On appeal to the Supreme Court, the question presented was "whether the legal standard for the state of mind element of a claim for actively inducing infringement under 35 U.S.C. § 271(b) is 'deliberate indifference of a known risk' that an infringement may occur, as the Court of Appeals for the Federal Circuit held, or 'purposeful, culpable expression and conduct' to encourage an infringement."

The Court answered that induced infringement under 271(b) requires knowledge of the patent that is infringed, and "deliberate indifference" (or recklessness) to the existence of the patent is insufficient to confer liability.  However, defendants cannot escape liability if they engage in "willful blindness" towards the patent.


Turning to the decision in Aro Mfg. Co. v. Convertible Top Replacement Co., 377 U. S. 476 (1964) ("Aro II"), the Court stated
Aro II concerned §271(c), which states in relevant part: 
"Whoever offers to sell or sells . . . a component of a patented [invention] . . . , constituting a material part of the invention, knowing the same to be especially made or especially adapted for use in an infringement of such patent, and not a staple article or commodity of commerce suitable for substantial noninfringing use, shall be liable as a contributory infringer." (Emphasis added.)
 [T]he "holding in Aro II has become a fixture in the law of contributory infringement under[section] 271(c)," . . . so much so that SEB has not asked us to overrule it, [].  Nor has Congress seen fit to alter §271(c)’s intent requirement in the nearly half a century since Aro II was decided. In light of the "‘special force’" of the doctrine of stare decisis with regard to questions of statutory interpretation, [] we proceed on the premise that §271(c) requires knowledge of the existence of the patent that is infringed.

Based on this premise, it follows that the same knowledge is needed for induced infringement under §271(b). As noted, the two provisions have a common origin in the pre 1952 understanding of contributory infringement, and the language of the two provisions creates the same difficult interpretive choice. It would thus be strange to hold that knowledge of the relevant patent is needed under §271(c) but not under §271(b). 

Accordingly, we now hold that induced infringement under §271(b) requires knowledge that the induced acts constitute patent infringement.
To establish knowledge, the Court stated that "deliberate indifference" to the existence of the patent will not be enough for liability.  In the absence of direct evidence, "willful blindness" must be shown:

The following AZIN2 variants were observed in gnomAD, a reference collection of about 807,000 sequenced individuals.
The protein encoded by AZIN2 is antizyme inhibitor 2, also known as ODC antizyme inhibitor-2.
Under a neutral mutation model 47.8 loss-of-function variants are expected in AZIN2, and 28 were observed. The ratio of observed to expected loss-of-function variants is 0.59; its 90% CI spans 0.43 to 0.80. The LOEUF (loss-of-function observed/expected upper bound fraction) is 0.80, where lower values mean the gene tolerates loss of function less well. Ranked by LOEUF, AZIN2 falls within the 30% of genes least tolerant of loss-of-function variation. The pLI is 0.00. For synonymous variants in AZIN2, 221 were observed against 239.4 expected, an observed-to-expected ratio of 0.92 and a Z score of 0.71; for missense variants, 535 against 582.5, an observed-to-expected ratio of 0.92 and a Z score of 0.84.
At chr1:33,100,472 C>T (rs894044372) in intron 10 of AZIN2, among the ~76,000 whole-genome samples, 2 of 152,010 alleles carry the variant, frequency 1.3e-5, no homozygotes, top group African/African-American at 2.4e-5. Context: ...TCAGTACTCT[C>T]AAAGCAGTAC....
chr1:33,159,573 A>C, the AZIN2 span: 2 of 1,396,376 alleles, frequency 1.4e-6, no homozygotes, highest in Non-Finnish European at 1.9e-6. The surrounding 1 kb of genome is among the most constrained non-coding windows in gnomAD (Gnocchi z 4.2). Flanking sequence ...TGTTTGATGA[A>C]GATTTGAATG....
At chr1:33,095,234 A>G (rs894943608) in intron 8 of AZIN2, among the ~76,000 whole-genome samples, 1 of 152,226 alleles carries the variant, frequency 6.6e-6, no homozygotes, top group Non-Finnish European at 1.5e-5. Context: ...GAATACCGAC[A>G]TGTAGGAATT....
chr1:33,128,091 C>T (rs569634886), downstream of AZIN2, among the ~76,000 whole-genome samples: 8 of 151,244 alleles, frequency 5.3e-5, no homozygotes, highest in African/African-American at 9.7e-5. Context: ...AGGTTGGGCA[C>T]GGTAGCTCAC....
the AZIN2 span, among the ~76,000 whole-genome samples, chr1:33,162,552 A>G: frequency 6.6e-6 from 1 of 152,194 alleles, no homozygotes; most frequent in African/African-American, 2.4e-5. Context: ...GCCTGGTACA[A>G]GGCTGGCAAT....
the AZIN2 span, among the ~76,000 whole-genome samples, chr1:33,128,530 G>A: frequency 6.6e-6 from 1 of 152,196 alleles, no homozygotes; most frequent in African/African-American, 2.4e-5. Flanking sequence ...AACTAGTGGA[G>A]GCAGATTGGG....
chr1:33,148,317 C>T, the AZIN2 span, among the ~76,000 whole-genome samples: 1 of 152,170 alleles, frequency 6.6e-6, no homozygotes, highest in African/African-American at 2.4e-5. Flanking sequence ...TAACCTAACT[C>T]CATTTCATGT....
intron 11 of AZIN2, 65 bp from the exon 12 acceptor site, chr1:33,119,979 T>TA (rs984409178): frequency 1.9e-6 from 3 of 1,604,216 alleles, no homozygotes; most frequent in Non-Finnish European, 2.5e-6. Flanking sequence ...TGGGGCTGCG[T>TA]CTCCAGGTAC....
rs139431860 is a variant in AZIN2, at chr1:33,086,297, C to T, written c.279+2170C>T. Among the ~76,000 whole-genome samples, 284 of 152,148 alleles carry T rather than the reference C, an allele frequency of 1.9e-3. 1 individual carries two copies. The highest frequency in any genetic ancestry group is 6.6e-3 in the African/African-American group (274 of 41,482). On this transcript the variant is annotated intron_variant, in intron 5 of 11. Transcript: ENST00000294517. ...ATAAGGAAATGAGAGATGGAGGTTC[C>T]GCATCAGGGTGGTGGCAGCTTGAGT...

[W]e agree that deliberate indifference to a known risk that a patent exists is not the appropriate standard under §271(b). We nevertheless affirm the judgment of the Court of Appeals because the evidence in this case was plainly sufficient to support a finding of Pentalpha’s knowledge under the doctrine of willful blindness. 

Given the long history of willful blindness and its wide acceptance in the Federal Judiciary, we can see no reason why the doctrine should not apply in civil lawsuits for induced patent infringement under 35 U. S. C. §271(b). 

While the Courts of Appeals articulate the doctrine of willful blindness in slightly different ways, all appear to agree on two basic requirements: (1) the defendant must subjectively believe that there is a high probability that a fact exists and (2) the defendant must take deliberate actions to avoid learning of that fact.  We think these requirements give willful blindness an appropriately limited scope that surpasses recklessness and negligence. Under this formulation, a willfully blind defendant is one who takes deliberate actions to avoid confirming a high probability of wrongdoing and who can almost be said to have actually known the critical facts. See G. Williams, Criminal Law §57, p. 159 (2d ed. 1961) ("A court can properly find wilful blindness only where it can almost be said that the defendant actually knew"). By contrast, a reckless defendant is one who merely knows of a substantial and unjustified risk of such wrongdoing, see ALI, Model Penal Code §2.02(2)(c) (1985), and a negligent defendant is one who should have known of a similar risk but, in fact, did not, see §2.02(2)(d).

Read/download the opinion here (link)

Wednesday, May 25, 2011

Prosecutors Rejoice! Federal Circuit "Tightens the Standards" En Banc for Inequitable Conduct

Therasense, Inc. v. Becton, Dickinson and Company, No. 2008-1511 (May 25, 2011)

Therasense (now Abbott) obtained a patent from the USPTO after a 13-year prosecution history, where the application was repeatedly rejected over a prior Abbott patent.  At one point, Abbott submitted new claims in the application along with a declaration arguing distinctions between the new claims and the features disclosed the prior patent.  The tactic worked, and the application was allowed.

Several years earlier, Abbott was prosecuting the prior patent in the EPO and submitted briefs arguing the meaning of features, where the arguments were inconsistent with the declaration submitted in the later US patent.  The EPO briefs were not disclosed to the USPTO.  When this fact was brought up in litigation, Abbott's patent was declared unenforceable for inequitable conduct.  The Federal Circuit affirmed.